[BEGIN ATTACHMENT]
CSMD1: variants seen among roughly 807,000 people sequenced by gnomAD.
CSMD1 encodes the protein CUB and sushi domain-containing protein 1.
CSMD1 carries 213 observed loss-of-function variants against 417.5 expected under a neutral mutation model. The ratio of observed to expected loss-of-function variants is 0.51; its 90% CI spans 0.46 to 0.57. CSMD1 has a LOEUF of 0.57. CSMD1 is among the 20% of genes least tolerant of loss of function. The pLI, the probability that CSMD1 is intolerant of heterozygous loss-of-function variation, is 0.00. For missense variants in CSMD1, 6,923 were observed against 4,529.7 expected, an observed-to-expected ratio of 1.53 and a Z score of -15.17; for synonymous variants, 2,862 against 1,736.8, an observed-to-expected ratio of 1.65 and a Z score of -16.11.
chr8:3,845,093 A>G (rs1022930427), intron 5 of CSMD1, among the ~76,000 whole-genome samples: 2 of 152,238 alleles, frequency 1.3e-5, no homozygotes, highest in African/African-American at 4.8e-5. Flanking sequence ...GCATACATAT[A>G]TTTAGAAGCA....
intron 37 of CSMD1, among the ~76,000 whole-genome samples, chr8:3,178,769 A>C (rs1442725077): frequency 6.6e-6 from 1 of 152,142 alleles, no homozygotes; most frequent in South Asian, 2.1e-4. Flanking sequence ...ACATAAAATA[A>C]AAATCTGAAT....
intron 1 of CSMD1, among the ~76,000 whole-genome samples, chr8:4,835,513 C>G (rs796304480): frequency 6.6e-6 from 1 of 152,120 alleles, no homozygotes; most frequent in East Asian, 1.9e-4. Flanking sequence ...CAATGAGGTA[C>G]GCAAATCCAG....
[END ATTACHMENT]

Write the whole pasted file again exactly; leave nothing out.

CSMD1: variants seen among roughly 807,000 people sequenced by gnomAD.
CSMD1 encodes the protein CUB and sushi domain-containing protein 1.
CSMD1 carries 213 observed loss-of-function variants against 417.5 expected under a neutral mutation model. The ratio of observed to expected loss-of-function variants is 0.51; its 90% CI spans 0.46 to 0.57. CSMD1 has a LOEUF of 0.57. CSMD1 is among the 20% of genes least tolerant of loss of function. The pLI, the probability that CSMD1 is intolerant of heterozygous loss-of-function variation, is 0.00. For missense variants in CSMD1, 6,923 were observed against 4,529.7 expected, an observed-to-expected ratio of 1.53 and a Z score of -15.17; for synonymous variants, 2,862 against 1,736.8, an observed-to-expected ratio of 1.65 and a Z score of -16.11.
chr8:3,845,093 A>G (rs1022930427), intron 5 of CSMD1, among the ~76,000 whole-genome samples: 2 of 152,238 alleles, frequency 1.3e-5, no homozygotes, highest in African/African-American at 4.8e-5. Flanking sequence ...GCATACATAT[A>G]TTTAGAAGCA....
intron 37 of CSMD1, among the ~76,000 whole-genome samples, chr8:3,178,769 A>C (rs1442725077): frequency 6.6e-6 from 1 of 152,142 alleles, no homozygotes; most frequent in South Asian, 2.1e-4. Flanking sequence ...ACATAAAATA[A>C]AAATCTGAAT....
intron 1 of CSMD1, among the ~76,000 whole-genome samples, chr8:4,835,513 C>G (rs796304480): frequency 6.6e-6 from 1 of 152,120 alleles, no homozygotes; most frequent in East Asian, 1.9e-4. Flanking sequence ...CAATGAGGTA[C>G]GCAAATCCAG....